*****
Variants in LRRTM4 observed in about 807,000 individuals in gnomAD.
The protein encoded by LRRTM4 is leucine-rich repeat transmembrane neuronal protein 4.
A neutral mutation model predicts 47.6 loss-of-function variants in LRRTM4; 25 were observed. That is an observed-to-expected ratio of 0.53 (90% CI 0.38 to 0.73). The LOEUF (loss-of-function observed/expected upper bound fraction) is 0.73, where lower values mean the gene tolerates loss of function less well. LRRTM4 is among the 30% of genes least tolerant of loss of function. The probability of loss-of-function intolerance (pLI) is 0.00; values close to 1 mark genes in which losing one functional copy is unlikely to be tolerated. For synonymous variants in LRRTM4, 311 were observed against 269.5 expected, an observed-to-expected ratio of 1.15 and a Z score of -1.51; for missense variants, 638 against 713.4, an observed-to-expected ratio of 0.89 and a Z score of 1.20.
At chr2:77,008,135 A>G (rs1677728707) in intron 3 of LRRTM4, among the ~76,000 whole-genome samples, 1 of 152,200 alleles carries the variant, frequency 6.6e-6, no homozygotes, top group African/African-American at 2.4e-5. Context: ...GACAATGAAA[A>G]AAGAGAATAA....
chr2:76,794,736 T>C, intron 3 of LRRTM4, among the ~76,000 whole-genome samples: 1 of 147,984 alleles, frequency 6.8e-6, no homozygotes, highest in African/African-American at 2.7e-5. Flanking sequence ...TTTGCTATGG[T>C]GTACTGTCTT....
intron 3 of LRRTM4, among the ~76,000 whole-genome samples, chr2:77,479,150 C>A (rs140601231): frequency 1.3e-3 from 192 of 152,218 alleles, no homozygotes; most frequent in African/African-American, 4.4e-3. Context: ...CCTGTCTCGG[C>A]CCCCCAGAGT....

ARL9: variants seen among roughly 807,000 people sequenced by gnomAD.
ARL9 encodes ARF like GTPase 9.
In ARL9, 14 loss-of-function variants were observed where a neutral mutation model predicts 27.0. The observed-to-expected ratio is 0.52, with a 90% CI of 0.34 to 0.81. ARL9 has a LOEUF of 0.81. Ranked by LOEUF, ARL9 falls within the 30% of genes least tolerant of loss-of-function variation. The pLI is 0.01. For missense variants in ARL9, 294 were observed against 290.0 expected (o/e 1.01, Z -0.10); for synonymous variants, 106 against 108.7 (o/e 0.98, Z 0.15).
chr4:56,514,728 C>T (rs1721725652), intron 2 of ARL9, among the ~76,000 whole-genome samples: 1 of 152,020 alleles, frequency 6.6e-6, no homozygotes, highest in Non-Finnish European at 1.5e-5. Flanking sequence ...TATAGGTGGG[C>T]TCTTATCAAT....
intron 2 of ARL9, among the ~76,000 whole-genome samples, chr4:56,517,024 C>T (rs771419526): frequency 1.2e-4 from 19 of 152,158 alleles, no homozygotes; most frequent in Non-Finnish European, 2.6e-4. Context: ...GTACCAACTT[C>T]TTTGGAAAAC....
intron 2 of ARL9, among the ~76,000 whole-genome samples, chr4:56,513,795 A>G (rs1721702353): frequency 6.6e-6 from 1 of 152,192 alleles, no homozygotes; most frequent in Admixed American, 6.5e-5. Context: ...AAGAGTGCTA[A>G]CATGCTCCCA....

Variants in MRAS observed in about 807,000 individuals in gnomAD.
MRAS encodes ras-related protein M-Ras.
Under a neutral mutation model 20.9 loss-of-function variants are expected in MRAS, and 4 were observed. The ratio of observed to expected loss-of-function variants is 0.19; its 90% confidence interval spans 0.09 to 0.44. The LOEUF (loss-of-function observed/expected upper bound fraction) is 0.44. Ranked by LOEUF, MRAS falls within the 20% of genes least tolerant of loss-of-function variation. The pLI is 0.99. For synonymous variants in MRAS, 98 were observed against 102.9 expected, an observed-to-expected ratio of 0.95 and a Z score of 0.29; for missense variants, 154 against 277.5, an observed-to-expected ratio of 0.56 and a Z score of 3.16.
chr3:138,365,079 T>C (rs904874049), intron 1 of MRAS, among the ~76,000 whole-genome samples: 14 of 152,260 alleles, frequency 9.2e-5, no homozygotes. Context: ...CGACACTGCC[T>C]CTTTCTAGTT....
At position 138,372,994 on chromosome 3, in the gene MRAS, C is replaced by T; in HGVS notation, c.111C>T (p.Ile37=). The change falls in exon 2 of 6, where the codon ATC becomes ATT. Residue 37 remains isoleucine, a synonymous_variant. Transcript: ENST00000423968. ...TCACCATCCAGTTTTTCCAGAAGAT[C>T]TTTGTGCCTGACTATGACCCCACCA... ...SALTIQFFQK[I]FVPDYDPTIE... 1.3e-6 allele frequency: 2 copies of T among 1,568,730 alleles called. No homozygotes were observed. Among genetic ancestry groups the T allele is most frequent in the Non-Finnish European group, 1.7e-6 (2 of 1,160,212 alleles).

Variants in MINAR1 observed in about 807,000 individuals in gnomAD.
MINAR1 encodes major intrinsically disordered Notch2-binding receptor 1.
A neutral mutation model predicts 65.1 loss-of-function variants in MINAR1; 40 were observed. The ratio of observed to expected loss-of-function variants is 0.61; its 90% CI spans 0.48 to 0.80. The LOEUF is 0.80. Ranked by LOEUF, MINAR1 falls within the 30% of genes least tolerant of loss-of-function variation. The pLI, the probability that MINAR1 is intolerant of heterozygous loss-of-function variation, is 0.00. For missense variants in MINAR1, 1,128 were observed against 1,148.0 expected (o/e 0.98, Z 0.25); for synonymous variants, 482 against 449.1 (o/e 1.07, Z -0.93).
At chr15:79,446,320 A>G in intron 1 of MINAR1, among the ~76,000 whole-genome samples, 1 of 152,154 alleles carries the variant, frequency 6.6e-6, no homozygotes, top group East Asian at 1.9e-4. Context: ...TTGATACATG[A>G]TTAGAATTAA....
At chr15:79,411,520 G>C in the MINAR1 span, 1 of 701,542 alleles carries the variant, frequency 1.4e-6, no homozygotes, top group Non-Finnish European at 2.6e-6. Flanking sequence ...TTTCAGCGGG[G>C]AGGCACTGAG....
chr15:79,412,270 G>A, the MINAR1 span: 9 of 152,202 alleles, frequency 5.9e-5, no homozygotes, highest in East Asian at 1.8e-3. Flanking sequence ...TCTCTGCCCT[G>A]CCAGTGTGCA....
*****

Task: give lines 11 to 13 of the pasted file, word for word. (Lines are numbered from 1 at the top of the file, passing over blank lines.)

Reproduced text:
intron 2 of ARL9, among the ~76,000 whole-genome samples, chr4:56,517,024 C>T (rs771419526): frequency 1.2e-4 from 19 of 152,158 alleles, no homozygotes; most frequent in Non-Finnish European, 2.6e-4. Context: ...GTACCAACTT[C>T]TTTGGAAAAC....
intron 2 of ARL9, among the ~76,000 whole-genome samples, chr4:56,513,795 A>G (rs1721702353): frequency 6.6e-6 from 1 of 152,192 alleles, no homozygotes; most frequent in Admixed American, 6.5e-5. Context: ...AAGAGTGCTA[A>G]CATGCTCCCA....

Variants in MRAS observed in about 807,000 individuals in gnomAD.